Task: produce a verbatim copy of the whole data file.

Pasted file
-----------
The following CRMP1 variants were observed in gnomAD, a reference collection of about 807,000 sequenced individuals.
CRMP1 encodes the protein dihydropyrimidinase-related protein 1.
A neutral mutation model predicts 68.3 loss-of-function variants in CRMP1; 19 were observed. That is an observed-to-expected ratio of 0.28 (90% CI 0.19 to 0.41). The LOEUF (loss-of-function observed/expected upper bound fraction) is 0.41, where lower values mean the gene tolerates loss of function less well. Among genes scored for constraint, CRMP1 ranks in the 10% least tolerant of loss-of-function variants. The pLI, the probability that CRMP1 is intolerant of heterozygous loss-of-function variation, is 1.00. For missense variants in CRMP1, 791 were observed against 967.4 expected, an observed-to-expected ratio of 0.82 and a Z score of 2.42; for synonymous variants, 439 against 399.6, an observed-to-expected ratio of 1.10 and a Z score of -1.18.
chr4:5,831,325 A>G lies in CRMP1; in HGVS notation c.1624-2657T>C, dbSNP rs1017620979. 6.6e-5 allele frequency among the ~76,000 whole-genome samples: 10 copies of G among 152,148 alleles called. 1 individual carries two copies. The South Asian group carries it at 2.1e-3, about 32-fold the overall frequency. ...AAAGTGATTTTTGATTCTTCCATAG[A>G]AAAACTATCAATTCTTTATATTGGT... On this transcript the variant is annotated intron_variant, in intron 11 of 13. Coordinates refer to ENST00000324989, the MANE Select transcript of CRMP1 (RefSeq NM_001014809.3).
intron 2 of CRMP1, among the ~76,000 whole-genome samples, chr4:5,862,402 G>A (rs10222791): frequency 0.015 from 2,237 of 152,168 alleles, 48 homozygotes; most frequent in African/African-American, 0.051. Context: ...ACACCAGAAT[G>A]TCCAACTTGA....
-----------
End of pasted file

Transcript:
The following CRMP1 variants were observed in gnomAD, a reference collection of about 807,000 sequenced individuals.
CRMP1 encodes the protein dihydropyrimidinase-related protein 1.
A neutral mutation model predicts 68.3 loss-of-function variants in CRMP1; 19 were observed. That is an observed-to-expected ratio of 0.28 (90% CI 0.19 to 0.41). The LOEUF (loss-of-function observed/expected upper bound fraction) is 0.41, where lower values mean the gene tolerates loss of function less well. Among genes scored for constraint, CRMP1 ranks in the 10% least tolerant of loss-of-function variants. The pLI, the probability that CRMP1 is intolerant of heterozygous loss-of-function variation, is 1.00. For missense variants in CRMP1, 791 were observed against 967.4 expected, an observed-to-expected ratio of 0.82 and a Z score of 2.42; for synonymous variants, 439 against 399.6, an observed-to-expected ratio of 1.10 and a Z score of -1.18.
chr4:5,831,325 A>G lies in CRMP1; in HGVS notation c.1624-2657T>C, dbSNP rs1017620979. 6.6e-5 allele frequency among the ~76,000 whole-genome samples: 10 copies of G among 152,148 alleles called. 1 individual carries two copies. The South Asian group carries it at 2.1e-3, about 32-fold the overall frequency. ...AAAGTGATTTTTGATTCTTCCATAG[A>G]AAAACTATCAATTCTTTATATTGGT... On this transcript the variant is annotated intron_variant, in intron 11 of 13. Coordinates refer to ENST00000324989, the MANE Select transcript of CRMP1 (RefSeq NM_001014809.3).
intron 2 of CRMP1, among the ~76,000 whole-genome samples, chr4:5,862,402 G>A (rs10222791): frequency 0.015 from 2,237 of 152,168 alleles, 48 homozygotes; most frequent in African/African-American, 0.051. Context: ...ACACCAGAAT[G>A]TCCAACTTGA....